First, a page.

"Extreme heat days" and increases in ground-level ozone could seriously hurt agriculture and outdoor-oriented tourism. (The report emphasizes that "tourism in Upstate New York is almost exclusively outdoor-oriented," with the Niagara region and the Great Lakes shoreline as top attractions.) And human health could suffer as air quality gets worse and infectious diseases spread more easily.
US Representative Louise Slaughter issued a statement about the report, calling attention to its "frightening predictions for New York's ecological future," and urging passage of "regulations to decrease harmful pollution that causes climate change." The report, too, has suggestions in this vein: The state and region, it says, should reduce their dependence on coal-fired electric generating plants by adopting renewables like wind-power; limiting urban sprawl; and discouraging gas-guzzlers and promiscuous road-building. (By the way, we're one of the most notorious areas in the country for sprawl and the concomitant destruction of prime farmland.)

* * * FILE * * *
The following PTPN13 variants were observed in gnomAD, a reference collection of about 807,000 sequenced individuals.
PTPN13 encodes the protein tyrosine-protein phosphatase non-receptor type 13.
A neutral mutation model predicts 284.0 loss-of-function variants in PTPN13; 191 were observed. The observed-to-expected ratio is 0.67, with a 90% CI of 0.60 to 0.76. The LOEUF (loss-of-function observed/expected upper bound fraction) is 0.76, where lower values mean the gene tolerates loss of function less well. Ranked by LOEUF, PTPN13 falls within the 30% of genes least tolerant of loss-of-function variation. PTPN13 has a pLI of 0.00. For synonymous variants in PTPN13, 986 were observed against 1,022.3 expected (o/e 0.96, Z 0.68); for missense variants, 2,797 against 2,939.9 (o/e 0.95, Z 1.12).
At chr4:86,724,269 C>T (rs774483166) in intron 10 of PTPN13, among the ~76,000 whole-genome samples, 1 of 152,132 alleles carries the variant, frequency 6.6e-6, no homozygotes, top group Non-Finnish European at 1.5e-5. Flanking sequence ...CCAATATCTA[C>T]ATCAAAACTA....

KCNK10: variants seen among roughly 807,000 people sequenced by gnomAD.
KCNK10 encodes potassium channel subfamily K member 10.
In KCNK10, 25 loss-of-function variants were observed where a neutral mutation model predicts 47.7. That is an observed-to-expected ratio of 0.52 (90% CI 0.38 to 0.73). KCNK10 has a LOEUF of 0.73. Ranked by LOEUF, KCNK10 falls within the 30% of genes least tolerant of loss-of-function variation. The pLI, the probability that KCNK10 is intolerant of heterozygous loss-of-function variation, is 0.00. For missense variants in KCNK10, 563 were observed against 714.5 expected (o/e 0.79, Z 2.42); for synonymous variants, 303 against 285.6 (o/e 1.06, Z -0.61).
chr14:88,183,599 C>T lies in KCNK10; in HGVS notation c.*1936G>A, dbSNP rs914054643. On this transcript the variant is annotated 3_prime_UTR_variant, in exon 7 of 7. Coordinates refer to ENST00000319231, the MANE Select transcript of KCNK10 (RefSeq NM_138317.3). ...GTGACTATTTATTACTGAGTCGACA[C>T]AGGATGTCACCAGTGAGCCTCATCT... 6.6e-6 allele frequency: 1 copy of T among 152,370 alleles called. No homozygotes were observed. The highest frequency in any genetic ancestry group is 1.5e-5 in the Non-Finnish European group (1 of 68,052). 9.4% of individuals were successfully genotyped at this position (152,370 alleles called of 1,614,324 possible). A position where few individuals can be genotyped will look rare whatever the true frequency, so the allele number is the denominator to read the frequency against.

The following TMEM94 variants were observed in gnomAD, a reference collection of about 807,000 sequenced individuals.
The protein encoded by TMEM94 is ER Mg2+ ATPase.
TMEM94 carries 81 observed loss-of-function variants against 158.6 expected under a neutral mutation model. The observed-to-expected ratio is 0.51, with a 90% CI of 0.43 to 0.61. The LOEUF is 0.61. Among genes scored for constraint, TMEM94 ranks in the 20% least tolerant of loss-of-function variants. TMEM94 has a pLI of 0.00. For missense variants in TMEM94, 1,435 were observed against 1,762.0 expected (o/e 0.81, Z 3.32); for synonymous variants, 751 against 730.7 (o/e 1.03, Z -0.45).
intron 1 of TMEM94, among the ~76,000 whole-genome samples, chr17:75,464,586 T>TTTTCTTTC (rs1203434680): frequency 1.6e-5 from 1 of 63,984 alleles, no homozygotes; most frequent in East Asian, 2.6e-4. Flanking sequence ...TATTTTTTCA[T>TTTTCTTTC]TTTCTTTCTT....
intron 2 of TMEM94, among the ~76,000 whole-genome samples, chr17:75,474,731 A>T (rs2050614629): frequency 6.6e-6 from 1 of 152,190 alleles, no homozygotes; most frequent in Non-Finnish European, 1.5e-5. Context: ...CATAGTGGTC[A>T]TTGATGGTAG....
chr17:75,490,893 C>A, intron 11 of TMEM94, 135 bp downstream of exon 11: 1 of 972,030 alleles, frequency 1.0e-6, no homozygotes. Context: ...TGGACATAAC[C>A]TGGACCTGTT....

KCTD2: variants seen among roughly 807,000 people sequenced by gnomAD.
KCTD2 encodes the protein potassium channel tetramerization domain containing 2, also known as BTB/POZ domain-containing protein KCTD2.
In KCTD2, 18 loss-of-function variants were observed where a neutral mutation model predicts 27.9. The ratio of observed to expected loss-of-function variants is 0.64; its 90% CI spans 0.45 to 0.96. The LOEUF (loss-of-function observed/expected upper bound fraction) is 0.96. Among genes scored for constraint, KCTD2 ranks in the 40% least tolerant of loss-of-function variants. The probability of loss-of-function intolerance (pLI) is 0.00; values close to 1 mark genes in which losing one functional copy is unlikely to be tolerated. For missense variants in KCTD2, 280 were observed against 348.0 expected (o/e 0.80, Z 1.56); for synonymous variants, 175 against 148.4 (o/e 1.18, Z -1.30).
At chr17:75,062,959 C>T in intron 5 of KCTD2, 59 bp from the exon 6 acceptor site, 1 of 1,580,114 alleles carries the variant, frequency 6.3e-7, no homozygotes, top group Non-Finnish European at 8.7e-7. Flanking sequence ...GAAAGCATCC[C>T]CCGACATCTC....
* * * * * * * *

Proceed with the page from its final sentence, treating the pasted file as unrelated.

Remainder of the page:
While many schools are throttled by pressure to grade students as if they were eggs, Rochester's Cobblestone School hews to an open-style educational philosophy drawn from Rousseau, Dewey, Montessori, and other thinkers.
This philosophy, as a Cobblestone statement puts it, recognizes that "children develop at different rates," that "learners must be active participants in the own learning," and that "children should not be locked into a specific sequence of learning." The school puts a premium on personal inquiry, critical thinking, and experimentation.
Cobblestone students, parents, and alumni recently celebrated the school's 20th anniversary. The celebration took place in part of the old Sacred Heart Academy on Prince Street, where the school, now grown to K-8, has been housed since 1992.
Longtime Cobblestone educator Doug Noble prepared for the anniversary with an essay full of questions about the school's past and future. "Why do we do all this?" he asked. "This is currently a difficult world within which to offer a child-centered education, with its state testing-mania in [public] schools and looming uncertainties on every front." Earlier in the essay, he gave one answer away: The school was founded, he said, as a counterweight to "a larger society relentlessly intent on measuring and controlling its children rather than on celebrating and engaging them."